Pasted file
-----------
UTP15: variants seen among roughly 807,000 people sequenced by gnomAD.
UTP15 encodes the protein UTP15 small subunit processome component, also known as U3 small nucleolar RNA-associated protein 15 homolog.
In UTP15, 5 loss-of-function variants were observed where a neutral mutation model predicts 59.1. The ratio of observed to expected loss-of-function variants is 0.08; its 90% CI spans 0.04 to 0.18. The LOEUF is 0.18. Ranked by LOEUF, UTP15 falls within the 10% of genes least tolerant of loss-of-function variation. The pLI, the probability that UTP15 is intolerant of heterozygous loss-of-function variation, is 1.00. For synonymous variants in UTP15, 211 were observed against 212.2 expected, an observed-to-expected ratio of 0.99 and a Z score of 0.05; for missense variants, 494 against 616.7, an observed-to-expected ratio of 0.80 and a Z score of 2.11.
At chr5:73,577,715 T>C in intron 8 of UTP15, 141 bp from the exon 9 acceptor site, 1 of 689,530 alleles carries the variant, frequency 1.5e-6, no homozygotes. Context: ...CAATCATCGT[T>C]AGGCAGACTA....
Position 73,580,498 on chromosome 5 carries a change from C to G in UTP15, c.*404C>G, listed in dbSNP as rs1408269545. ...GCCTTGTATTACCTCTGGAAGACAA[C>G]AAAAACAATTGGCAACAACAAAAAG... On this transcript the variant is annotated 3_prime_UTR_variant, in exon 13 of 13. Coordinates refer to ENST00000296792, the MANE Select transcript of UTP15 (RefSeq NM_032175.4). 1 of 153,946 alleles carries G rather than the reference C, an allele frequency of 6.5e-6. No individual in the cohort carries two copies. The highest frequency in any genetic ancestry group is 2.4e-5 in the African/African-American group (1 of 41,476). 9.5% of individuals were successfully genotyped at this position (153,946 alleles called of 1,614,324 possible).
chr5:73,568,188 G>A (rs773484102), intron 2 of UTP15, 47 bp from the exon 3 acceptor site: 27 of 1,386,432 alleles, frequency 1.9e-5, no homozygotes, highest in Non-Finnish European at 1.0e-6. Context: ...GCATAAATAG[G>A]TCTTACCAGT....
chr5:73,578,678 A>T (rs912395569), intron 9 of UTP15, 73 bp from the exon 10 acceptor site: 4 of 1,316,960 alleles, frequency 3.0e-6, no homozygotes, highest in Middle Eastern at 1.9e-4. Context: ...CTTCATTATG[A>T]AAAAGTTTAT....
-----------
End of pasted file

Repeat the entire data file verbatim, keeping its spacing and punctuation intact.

UTP15: variants seen among roughly 807,000 people sequenced by gnomAD.
UTP15 encodes the protein UTP15 small subunit processome component, also known as U3 small nucleolar RNA-associated protein 15 homolog.
In UTP15, 5 loss-of-function variants were observed where a neutral mutation model predicts 59.1. The ratio of observed to expected loss-of-function variants is 0.08; its 90% CI spans 0.04 to 0.18. The LOEUF is 0.18. Ranked by LOEUF, UTP15 falls within the 10% of genes least tolerant of loss-of-function variation. The pLI, the probability that UTP15 is intolerant of heterozygous loss-of-function variation, is 1.00. For synonymous variants in UTP15, 211 were observed against 212.2 expected, an observed-to-expected ratio of 0.99 and a Z score of 0.05; for missense variants, 494 against 616.7, an observed-to-expected ratio of 0.80 and a Z score of 2.11.
At chr5:73,577,715 T>C in intron 8 of UTP15, 141 bp from the exon 9 acceptor site, 1 of 689,530 alleles carries the variant, frequency 1.5e-6, no homozygotes. Context: ...CAATCATCGT[T>C]AGGCAGACTA....
Position 73,580,498 on chromosome 5 carries a change from C to G in UTP15, c.*404C>G, listed in dbSNP as rs1408269545. ...GCCTTGTATTACCTCTGGAAGACAA[C>G]AAAAACAATTGGCAACAACAAAAAG... On this transcript the variant is annotated 3_prime_UTR_variant, in exon 13 of 13. Coordinates refer to ENST00000296792, the MANE Select transcript of UTP15 (RefSeq NM_032175.4). 1 of 153,946 alleles carries G rather than the reference C, an allele frequency of 6.5e-6. No individual in the cohort carries two copies. The highest frequency in any genetic ancestry group is 2.4e-5 in the African/African-American group (1 of 41,476). 9.5% of individuals were successfully genotyped at this position (153,946 alleles called of 1,614,324 possible).
chr5:73,568,188 G>A (rs773484102), intron 2 of UTP15, 47 bp from the exon 3 acceptor site: 27 of 1,386,432 alleles, frequency 1.9e-5, no homozygotes, highest in Non-Finnish European at 1.0e-6. Context: ...GCATAAATAG[G>A]TCTTACCAGT....
chr5:73,578,678 A>T (rs912395569), intron 9 of UTP15, 73 bp from the exon 10 acceptor site: 4 of 1,316,960 alleles, frequency 3.0e-6, no homozygotes, highest in Middle Eastern at 1.9e-4. Context: ...CTTCATTATG[A>T]AAAAGTTTAT....